Dark Days in the City of Light

Paris holds a place in the heart of most Westerners. It is the city of love and light, a beacon for traveller for centuries, home of the Belle Epoch for Edwardian England, the home of the literary darlings of the twenties. When something happens in Paris, it is felt all over the Western world.

Paris has recently experienced dark days. And, yet, these are not Paris’s first dark days. The time of revolution and The Terror in the 18th century, revolution and siege in the 19th. And in the 20th, the dark days of the German Occupation.

Roland Rosbottom, an American academic who specialises in French history, gives us a well researched study of that time in When Paris went Dark: The City of Light under German Occupation. 1940 – 1944. He has drawn on memoirs, interviews and unpublished eyewitness accounts. The work is carefully annotated. There are 25 pages of listed sources. As Rosbottom says, this is such a subject of fascination, the source material is continually expanding. There is a chronology and list of characters at the front, e.g. Hitler – German tourist.

There are maps, photographs of key players and contemporary street scenes.

When Paris went DarkThe cover shows Hitler saluting with the Eiffel Tower in the background. This was a carefully stage managed photo opportunity early one morning. Hitler did not stay in Paris. This was one visit and a very brief visit. Rosbottom makes some interesting comments about Hitler’s urbanphobia, and his belief that cities were the cause of German people’s problems.

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This book examines the life of the Occupiers. Some did a brief tour of duty and then went back to the front. Others stayed for some years. Parisians tried to make their lives as difficult as possible. There were collaborators and informers, however.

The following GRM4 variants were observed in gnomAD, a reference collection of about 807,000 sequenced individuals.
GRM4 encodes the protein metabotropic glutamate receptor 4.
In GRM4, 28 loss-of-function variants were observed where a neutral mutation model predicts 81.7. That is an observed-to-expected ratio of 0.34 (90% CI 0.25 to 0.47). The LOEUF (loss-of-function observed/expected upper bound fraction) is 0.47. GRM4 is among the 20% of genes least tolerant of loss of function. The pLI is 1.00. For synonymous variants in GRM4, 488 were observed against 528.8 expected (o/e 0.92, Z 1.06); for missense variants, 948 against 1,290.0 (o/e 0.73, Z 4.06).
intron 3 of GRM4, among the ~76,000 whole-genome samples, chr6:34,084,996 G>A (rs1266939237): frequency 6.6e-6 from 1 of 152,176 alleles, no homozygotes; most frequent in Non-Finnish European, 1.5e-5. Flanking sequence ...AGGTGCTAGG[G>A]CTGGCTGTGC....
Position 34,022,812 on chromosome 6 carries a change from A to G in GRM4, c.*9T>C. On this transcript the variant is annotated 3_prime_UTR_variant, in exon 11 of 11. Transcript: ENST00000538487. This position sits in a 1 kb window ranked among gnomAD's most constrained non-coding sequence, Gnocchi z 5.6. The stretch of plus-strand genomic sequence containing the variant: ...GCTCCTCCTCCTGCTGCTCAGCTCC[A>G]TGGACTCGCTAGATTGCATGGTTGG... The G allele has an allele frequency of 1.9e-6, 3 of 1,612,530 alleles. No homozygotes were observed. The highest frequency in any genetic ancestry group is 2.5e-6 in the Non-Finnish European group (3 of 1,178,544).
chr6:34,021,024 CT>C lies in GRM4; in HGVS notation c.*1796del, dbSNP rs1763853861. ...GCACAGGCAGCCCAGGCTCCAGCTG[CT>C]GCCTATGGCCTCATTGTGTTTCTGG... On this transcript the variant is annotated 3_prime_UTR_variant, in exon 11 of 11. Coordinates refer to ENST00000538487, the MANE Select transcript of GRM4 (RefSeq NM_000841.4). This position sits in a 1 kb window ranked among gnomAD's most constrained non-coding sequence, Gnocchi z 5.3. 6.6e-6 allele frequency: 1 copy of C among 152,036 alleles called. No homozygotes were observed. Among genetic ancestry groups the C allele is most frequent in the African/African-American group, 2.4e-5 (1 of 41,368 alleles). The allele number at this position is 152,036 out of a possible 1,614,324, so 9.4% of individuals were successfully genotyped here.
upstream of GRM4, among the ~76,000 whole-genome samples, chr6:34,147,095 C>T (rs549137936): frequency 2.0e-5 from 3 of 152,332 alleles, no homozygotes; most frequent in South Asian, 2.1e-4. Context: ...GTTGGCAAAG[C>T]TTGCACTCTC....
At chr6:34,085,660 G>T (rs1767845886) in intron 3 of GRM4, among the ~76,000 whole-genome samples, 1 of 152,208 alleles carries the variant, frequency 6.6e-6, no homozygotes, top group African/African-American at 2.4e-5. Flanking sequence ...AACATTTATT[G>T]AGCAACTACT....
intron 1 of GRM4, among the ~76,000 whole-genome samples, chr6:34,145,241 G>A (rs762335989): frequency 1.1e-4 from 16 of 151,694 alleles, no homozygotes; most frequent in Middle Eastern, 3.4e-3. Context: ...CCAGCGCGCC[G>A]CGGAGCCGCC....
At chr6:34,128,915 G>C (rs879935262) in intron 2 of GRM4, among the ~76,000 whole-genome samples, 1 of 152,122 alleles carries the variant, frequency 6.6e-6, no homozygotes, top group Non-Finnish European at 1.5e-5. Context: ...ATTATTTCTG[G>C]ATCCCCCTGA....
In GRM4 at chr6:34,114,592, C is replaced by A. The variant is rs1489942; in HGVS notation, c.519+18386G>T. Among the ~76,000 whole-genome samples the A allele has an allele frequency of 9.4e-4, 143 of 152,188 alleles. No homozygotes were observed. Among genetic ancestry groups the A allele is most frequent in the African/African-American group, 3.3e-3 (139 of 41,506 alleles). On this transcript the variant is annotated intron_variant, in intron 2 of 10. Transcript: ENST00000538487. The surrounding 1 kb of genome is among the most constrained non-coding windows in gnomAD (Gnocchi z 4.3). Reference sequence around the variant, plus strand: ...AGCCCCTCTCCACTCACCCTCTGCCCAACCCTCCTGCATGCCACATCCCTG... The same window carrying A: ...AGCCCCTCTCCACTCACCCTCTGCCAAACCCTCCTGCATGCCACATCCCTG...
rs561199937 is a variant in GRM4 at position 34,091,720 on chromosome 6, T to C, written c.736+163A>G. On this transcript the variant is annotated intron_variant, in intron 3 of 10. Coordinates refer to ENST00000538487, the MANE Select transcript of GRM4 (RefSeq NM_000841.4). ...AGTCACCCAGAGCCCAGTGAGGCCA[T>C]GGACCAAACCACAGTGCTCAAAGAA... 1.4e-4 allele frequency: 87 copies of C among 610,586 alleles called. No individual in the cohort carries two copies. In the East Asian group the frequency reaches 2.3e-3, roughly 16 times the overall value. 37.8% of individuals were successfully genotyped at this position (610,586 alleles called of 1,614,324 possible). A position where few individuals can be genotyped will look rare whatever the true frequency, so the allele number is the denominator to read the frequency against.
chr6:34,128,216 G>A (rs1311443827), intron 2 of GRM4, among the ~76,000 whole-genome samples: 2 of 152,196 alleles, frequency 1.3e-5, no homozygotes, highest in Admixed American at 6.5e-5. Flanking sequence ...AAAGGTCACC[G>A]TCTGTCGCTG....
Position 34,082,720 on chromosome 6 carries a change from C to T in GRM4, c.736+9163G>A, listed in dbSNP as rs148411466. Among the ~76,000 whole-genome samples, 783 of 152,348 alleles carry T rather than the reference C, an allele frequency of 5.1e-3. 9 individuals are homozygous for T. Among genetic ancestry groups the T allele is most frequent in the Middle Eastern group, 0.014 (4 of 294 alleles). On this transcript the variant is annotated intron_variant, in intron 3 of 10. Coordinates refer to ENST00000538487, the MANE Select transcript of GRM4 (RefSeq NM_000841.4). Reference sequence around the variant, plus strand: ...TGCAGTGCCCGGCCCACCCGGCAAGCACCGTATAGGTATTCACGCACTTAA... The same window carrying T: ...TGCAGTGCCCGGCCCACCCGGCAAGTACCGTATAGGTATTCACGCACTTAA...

The lives of Parisians became very narrow and boring. There was considerable restriction on their movement as parts of the Metro were closed. The Germans used parts for storage and air raid shelters. Food and fuel were in increasingly short supply and the streets were not lot at night.

On 16th  and 17th July, 1942 there was the Grande Rafle – the collection of Jews. Some remained forced to wear the yellow star and there are touching stories of groups of young people, Jew and Gentile wearing the star. Many were held in a holding prison and many sent East. At first only men were taken, but then whole families. Sadly, a number of Parisians moved into empty apartments or looted furniture and belongings.

It is wrong to speak of ‘The Resistance’ as there were a number of groups , sometimes opposed to each other in methods and beliefs. Sometimes the resistance was passive. ‘Hit and run’ resistance was easier in the city and could be quite deadly.Again there are stories of courage, and there are stories of betrayal.

Rosbottom devotes a section to people of note who remained in Paris and lived their artistic lives in ‘a bubble’. He is referring to people such as Colette, Picasso, Josephine Baker, Simone de Beauvoir.

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As the war drew to its close, Hitler ordered Paris to be razed, but the German commander refused. So we have an authentic Paris to visit today.

I suppose we have all seen pictures of the Allies entering Paris to a tumultuous welcome, another carefully stage manages event, although the relief of the Parisians was genuine enough.

And here things turned ugly as Parisians turned on one another with accusations and counter accusations of collaborations. There were executions without due process and revenge  taken.

Indeed, dark days.

If you enjoy history, and/or you want to understand Paris I can thoroughly recommend this scholarly and readable book.

When Paris went Dark: The City of Light under German Occupation. 1940 – 1944, Roland Rosbottom, published by Hachette Australia, is available from Dymocks.